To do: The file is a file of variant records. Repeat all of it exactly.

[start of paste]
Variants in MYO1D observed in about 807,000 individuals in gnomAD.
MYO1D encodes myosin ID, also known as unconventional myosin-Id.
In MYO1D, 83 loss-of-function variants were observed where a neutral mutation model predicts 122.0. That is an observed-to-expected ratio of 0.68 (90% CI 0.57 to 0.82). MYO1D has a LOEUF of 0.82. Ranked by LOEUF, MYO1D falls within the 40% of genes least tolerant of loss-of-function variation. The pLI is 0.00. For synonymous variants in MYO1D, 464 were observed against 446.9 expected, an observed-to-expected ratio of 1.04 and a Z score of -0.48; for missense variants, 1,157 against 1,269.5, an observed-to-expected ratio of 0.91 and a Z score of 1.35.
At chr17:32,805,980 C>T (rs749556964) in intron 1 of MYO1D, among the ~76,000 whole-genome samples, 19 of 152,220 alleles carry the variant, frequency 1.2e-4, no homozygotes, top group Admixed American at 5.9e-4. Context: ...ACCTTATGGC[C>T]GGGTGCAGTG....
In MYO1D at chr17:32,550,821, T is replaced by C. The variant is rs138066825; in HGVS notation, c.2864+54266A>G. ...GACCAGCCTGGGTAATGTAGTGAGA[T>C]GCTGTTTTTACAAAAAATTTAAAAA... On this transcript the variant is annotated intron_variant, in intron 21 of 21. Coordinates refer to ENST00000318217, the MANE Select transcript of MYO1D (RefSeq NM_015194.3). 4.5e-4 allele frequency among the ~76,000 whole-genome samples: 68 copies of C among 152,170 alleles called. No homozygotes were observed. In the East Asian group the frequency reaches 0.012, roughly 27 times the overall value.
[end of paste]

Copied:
Variants in MYO1D observed in about 807,000 individuals in gnomAD.
MYO1D encodes myosin ID, also known as unconventional myosin-Id.
In MYO1D, 83 loss-of-function variants were observed where a neutral mutation model predicts 122.0. That is an observed-to-expected ratio of 0.68 (90% CI 0.57 to 0.82). MYO1D has a LOEUF of 0.82. Ranked by LOEUF, MYO1D falls within the 40% of genes least tolerant of loss-of-function variation. The pLI is 0.00. For synonymous variants in MYO1D, 464 were observed against 446.9 expected, an observed-to-expected ratio of 1.04 and a Z score of -0.48; for missense variants, 1,157 against 1,269.5, an observed-to-expected ratio of 0.91 and a Z score of 1.35.
At chr17:32,805,980 C>T (rs749556964) in intron 1 of MYO1D, among the ~76,000 whole-genome samples, 19 of 152,220 alleles carry the variant, frequency 1.2e-4, no homozygotes, top group Admixed American at 5.9e-4. Context: ...ACCTTATGGC[C>T]GGGTGCAGTG....
In MYO1D at chr17:32,550,821, T is replaced by C. The variant is rs138066825; in HGVS notation, c.2864+54266A>G. ...GACCAGCCTGGGTAATGTAGTGAGA[T>C]GCTGTTTTTACAAAAAATTTAAAAA... On this transcript the variant is annotated intron_variant, in intron 21 of 21. Coordinates refer to ENST00000318217, the MANE Select transcript of MYO1D (RefSeq NM_015194.3). 4.5e-4 allele frequency among the ~76,000 whole-genome samples: 68 copies of C among 152,170 alleles called. No homozygotes were observed. In the East Asian group the frequency reaches 0.012, roughly 27 times the overall value.